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November 30, 1999


The opinion of the court was delivered by: Scheindlin, District Judge.


On October 15, 1999, ESPN, Inc. ("ESPN") and the Office of the Commissioner of Baseball ("Baseball") moved in limine to preclude the admission of certain evidence and argument at their forthcoming trial. Ten separate motions — five by ESPN and five by Baseball — were fully submitted on October 29, 1999. Six of the motions were resolved by opinion dated November 22, 1999. Three of the motions were resolved from the bench during a hearing on November 23, 1999. The final motion, ESPN's motion in limine to preclude damages evidence, is the subject of this Opinion and Order.

I. ESPN's Motion in Limine to Preclude Damages Evidence

In my November 22 opinion, I ruled that ESPN breached its 1996 telecasting agreement ("1996 Agreement") with Baseball when it preempted six baseball games scheduled for Sunday nights in September 1998 and September 1999 without the prior written approval of Baseball. See ESPN, Inc. v. Office of Commissioner of Baseball, 1999 WL 1063241, 99 Civ. 3225, slip op. at 38-39 (S.D.N.Y. Nov. 23, 1999).*fn1 ESPN broadcast NFL football games rather than the previously scheduled baseball games on those six nights.

Baseball claims that it has been damaged in an amount "believed to exceed millions of dollars" as a result of ESPN's breach of the 1996 Agreement. See Baseball's Objections and Responses to ESPN's First Set of Interrogatories, Ex. A to 10/15/99 Affidavit of Eric J. Lobenfeld, counsel for ESPN, in Support of Motion to Preclude Damages Evidence ("Lobenfeld Aff."), at 7. Baseball attributes its damages to an alleged loss of:

(1) national television exposure;

(2) promotional opportunities and ratings;

  (3) value of the "Sunday Night Baseball" television

(4) prestige;

(5) potential sponsorships; and

  (6) the future value of all of Baseball's national
      telecast packages

Id. at 7-8. Because Baseball received full payment from ESPN under the contract, it may only seek extra-contractual damages stemming from the six preemptions.

By its motion, ESPN seeks to preclude Baseball from introducing testimony or other evidence of its alleged monetary damages. ESPN contends that "there is no factual basis to support any claim for monetary damages arising from these perceived injuries, and that such claims are the product of speculation and guesswork." ESPN's Memorandum in Support of Its Motion in Limine to Preclude Damages Evidence ("ESPN MIL") at 2. Baseball argues that it has made the "requisite showing of damage" and therefore it is "entitled to have the opportunity to prove its damages at trial." Baseball's Response to Plaintiff's Motion to Preclude Damages ("BB Op.") at 10.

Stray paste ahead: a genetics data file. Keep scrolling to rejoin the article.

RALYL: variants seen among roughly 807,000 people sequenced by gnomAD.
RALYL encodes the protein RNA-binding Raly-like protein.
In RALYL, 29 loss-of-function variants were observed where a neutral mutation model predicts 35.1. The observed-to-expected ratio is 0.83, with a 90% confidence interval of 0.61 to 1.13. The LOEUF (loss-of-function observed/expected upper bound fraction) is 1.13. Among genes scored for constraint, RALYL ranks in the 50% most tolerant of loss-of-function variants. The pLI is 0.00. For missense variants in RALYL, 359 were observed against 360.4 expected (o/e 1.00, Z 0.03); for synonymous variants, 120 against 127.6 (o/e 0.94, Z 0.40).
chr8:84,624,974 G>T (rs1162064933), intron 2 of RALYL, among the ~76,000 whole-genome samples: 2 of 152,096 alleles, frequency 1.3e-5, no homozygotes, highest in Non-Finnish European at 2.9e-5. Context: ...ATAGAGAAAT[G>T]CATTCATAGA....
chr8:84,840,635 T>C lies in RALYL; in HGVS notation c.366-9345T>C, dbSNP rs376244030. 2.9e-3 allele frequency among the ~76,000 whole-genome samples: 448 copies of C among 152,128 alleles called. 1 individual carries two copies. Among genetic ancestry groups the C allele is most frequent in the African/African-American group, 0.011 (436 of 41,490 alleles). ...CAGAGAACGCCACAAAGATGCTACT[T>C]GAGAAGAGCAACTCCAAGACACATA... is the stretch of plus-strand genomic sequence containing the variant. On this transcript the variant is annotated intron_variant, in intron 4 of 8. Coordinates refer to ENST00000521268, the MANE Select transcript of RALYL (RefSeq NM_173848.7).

II. Legal Standard

It is well-settled under New York law that

  [a] plaintiff seeking compensatory damages has the
  burden of proof and should present to the court a
  proper basis for ascertaining the damages [it] seeks
  to recover. They must be susceptible of ascertainment
  in some manner other than by mere conjecture or

Dunkel v. McDonald, 272 A.D. 267, 70 N.Y.S.2d 653, 656 (1st Dep't 1947), aff'd, 298 N.Y. 586, 81 N.E.2d 323 (1948). See also Contemporary Mission, Inc. v. Famous Music Corp., 557 F.2d 918, 926 (2d Cir. 1977) (finding that under New York law, "[w]hen the existence of damage is uncertain or speculative, the plaintiff is limited to the recovery of nominal damages"); V.S. Int'l, S.A. v. Boyden World Corp., 862 F. Supp. 1188, 1197 (S.D.N.Y. 1994) ("[I]t is well-established under New York law, that a plaintiff must prove the existence of damages with certainty in order to recover for breach of contract."). Although it is true that "[w]hen the existence of damage is certain, and the only uncertainty is as to its amount, the plaintiff will not be denied recovery of substantial damages," but even then the plaintiff must show "a stable foundation for a reasonable estimate" of damages. Contemporary Mission, Inc., 557 F.2d at 926. See also Wolff & Munier, Inc. v. Whiting-Turner Contracting Co., 946 F.2d 1003, 1010 (2d Cir. 1991) ("Although a party is not to be denied damages when they are necessarily uncertain, New York law does not countenance damage awards based on `[s]peculation or conjecture.'") (quoting Berley Indus. v. City of New York, 45 N.Y.2d 683, 687, 412 N.Y.S.2d 589, 385 N.E.2d 281 (1978)).

With respect to damages for loss of goodwill, business reputation or future profits, the proof requirements are much more stringent. See Toltec Fabrics, Inc. v. August Inc., 29 F.3d 778, 781-782 (2d Cir. 1994). Not only must the claimant prove the fact of loss with certainty, but the "loss must be `reasonably certain in amount.'" Id. at 781 (quoting Robert T. Donaldson, Inc. v. Aggregate Surfacing Corp., 47 A.D.2d 852, 366 N.Y.S.2d 194, 196 (2d Dep't 1975)). "In other words, the damages may not be merely possible speculative or imaginary but must be reasonably certain and directly traceable to the breach, not remote or the result of other intervening causes." Beeland Interests, Inc. v. Armstrong, 1999 WL 813266 ...

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